J Cancer 2019; 10(10):2237-2242. doi:10.7150/jca.29714 This issue
1. Department of Urology, Seoul National University Bundang Hospital, Seongnam, Korea
2. Department of Urology, Seoul National University Hospital, Seoul, Korea
Purpose: To evaluate the prognostic value of early postoperative prostate specific antigen (PSA) levels after radical prostatectomy (RP) and pelvic lymph node dissection (PLND) in prostate cancer patients with lymph node invasion (LNI).
Materials and Methods: The retrospective analysis involved 96 patients who had a diagnosis of LNI with available data on the first PSA level at postoperative 6 weeks after RP and PLND between 2002 and 2014 at our institution. PSA persistence was defined as PSA ≥ 0.1 ng/ml at 6 weeks after surgery. Radiographic progression was defined as positive imaging during follow-up after the onset of biochemical recurrence, consisting of a bone scan and/or computed tomography (CT) and/or magnetic resonance imaging and/or 18F-(2-deoxy-2-fluoro-D-glucose positron emission tomography/CT scan. Comparative analysis of patients with and without PSA persistence was done, and Kaplan-Meier curve analysis with log-rank test and Cox proportional hazard regression models assessed radiographic progression free survival (PFS).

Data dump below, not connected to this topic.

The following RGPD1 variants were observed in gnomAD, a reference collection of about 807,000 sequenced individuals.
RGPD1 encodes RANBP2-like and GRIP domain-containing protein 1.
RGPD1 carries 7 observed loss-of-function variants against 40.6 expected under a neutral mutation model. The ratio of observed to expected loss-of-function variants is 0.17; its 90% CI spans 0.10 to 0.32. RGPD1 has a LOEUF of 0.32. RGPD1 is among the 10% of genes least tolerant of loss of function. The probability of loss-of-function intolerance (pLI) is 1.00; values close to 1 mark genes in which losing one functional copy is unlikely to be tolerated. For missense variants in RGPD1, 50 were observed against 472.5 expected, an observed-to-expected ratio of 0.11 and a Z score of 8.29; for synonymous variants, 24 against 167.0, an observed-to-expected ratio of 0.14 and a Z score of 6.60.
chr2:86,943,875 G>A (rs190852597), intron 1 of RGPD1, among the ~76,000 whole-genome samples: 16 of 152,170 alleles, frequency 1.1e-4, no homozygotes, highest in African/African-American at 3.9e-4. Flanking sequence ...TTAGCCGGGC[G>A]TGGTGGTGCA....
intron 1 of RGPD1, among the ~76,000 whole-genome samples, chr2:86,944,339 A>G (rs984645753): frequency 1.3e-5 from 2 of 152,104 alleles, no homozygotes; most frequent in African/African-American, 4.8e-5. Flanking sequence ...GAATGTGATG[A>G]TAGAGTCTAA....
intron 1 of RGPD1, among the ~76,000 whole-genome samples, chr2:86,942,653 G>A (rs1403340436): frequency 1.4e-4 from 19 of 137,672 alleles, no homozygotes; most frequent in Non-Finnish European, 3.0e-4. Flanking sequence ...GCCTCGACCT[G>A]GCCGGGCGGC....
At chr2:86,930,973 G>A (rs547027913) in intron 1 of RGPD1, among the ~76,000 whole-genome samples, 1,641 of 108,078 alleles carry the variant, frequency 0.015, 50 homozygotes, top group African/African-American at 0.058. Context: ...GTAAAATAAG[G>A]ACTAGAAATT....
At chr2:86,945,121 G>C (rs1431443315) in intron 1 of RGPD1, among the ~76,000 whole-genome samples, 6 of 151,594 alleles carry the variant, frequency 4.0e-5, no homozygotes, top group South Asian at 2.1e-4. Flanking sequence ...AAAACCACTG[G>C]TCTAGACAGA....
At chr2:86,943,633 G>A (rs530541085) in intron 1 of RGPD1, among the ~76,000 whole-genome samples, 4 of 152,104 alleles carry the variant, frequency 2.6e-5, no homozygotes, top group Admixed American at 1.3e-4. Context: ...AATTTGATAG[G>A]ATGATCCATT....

Results: Fifty two (54.2%) patients displayed PSA persistence. Kaplan-Meier curve analysis showed significantly decreased 5-year radiographic PFS (64.2% vs. 93.2%, log-rank, p=0.009) in the PSA persistence group compared to the no PSA persistence group. In a multivariate analysis, PSA persistence was a statistically significant predictor of radiographic PFS.
Conclusions: Early assessment of PSA after surgery is important for predicting radiographic progression in node-positive prostate cancer patients. Risk stratification based on the early PSA value after surgery would be helpful to identify patients who may benefit from early adjuvant therapies.
Keywords: Lymph node invasion, Pelvic lymph node dissection, Progression, PSA, Radical prostatectomy